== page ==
After playing for the game for a while and getting frustrated with my lack of progress, I noticed a countdown on the top-right of the screen. It quickly became obvious to me that no matter what I did or didn’t do, the countdown kept on decreasing. Initially I thought this suggested that I had to reach some place, or some level or beat someone else before the countdown gets to zero. But, of course, this was merely an interpretation because the game didn’t come with any instructions.
I did some research to find out what did the countdown number indicate. On the game forums, amazingly, nobody had actually seen the countdown hit zero. Instead, the experienced users complained that the counter really had no significance. The majority opinion on the forum was that no matter what the countdown said, the game would quit suddenly and without warning (and then, of course, it gets deleted from the hard disk). These users were quite frustrated by this feature/bug and wanted their money back. They felt cheated that all their effort into collecting powers went to waste when the game quit without warning them. They complained that all their careful plans of using these powers amounted to nothing.
After reading such reviews, I decided to play the game a little differently. Knowing that I had paid dearly for the game and that it could end anytime, I stopped paying attention to the countdown and focused on having fun. I did things that were neither too tough (that I’d bang my head against the wall in frustration), not too easy (that I’d get bored out of my wits). Since I had no idea how long the game will last, I didn’t make long range plans, and also didn’t engage in power collection. Instead, I solely focused on playing the game, one countdown unit after another.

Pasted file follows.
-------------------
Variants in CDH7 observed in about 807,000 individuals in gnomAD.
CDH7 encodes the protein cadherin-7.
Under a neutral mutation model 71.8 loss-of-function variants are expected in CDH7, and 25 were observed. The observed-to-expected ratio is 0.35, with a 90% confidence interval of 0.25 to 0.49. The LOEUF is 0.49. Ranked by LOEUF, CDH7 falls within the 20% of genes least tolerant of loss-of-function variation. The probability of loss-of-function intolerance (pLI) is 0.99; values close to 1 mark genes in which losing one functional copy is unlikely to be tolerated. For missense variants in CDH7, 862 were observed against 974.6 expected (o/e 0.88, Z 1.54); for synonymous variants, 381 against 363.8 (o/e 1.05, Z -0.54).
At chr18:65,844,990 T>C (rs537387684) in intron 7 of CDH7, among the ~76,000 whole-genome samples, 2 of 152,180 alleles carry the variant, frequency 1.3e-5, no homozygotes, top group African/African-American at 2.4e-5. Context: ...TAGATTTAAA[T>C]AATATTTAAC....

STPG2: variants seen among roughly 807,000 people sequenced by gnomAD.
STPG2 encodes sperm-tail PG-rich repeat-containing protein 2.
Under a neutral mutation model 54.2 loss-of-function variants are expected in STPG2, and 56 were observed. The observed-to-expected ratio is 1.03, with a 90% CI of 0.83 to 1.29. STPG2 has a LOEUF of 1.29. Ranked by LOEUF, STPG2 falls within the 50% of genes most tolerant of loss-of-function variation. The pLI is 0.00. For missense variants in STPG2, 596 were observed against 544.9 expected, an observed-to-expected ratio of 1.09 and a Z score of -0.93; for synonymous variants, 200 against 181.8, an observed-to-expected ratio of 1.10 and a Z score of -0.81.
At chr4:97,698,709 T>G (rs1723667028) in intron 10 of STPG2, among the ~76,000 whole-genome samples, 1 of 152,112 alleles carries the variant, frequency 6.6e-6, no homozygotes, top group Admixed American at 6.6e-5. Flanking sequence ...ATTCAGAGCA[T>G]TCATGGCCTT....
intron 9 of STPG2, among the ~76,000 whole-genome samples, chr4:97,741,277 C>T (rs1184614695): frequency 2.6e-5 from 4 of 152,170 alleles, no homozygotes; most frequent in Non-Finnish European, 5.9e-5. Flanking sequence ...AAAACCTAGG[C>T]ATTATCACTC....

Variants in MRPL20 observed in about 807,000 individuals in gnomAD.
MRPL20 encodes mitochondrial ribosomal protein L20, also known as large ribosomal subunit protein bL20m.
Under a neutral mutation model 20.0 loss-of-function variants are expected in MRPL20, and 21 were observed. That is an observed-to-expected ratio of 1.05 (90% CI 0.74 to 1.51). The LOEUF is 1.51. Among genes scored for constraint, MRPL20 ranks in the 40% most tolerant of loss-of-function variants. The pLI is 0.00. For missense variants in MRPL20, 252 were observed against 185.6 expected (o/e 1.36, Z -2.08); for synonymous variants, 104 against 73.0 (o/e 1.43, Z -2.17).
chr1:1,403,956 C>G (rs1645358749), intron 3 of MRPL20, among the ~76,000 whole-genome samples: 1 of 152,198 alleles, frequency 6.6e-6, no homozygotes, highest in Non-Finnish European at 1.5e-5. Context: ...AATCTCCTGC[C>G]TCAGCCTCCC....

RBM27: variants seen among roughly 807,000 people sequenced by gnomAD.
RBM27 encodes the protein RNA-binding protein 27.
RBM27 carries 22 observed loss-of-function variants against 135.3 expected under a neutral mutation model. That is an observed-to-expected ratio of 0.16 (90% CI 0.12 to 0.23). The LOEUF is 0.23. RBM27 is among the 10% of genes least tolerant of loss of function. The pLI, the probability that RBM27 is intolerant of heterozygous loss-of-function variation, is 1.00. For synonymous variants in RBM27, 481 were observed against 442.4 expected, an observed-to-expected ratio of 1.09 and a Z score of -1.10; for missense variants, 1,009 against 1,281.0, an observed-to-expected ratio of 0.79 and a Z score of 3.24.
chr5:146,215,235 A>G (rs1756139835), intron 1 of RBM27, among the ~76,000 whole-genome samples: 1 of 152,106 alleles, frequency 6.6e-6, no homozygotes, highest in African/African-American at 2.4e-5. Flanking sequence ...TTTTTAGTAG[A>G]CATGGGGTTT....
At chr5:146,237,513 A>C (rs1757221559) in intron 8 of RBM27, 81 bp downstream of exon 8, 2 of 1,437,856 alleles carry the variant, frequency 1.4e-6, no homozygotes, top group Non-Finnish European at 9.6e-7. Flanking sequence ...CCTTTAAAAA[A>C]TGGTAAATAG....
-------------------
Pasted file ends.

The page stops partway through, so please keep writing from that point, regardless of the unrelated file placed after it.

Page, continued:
Yep, there have been moments of frustration and times when I wanted to do rage-quit. But, overall, I think this game is a unique experience that’s worth having once. While other games have cheat codes that help you win, this game has none. While other games come with well designed levels and logical gameplay, in this game almost you’ll be on your toes playing levels designed by other players’ and design your own levels for others to play. While other games give you multiple lives and shallow replayability, this game can be played exactly once (and never again after that).
Some players like games with well defined rules that they can master, but I like unpredictability, chaos and surprise and Life fits that bill perfectly.
So, overall, I’ll give Life 4.5/5. It’s available on all platforms and I recommend buying the authentic version (if you can afford a cup of coffee, you can afford the original copy. So don’t be a cheap pirate.)
Hope you like the review. Since each experience of playing Life is unique, consider sharing your review too (I’ll be super interested in reading it).
PS: I couldn’t find contact details of the game designers. In case you know how to reach them, let me know. I’d like to send them a thank you note and ask a few questions 🙂
Have an opinion on this essay? You can send your feedback on email to me.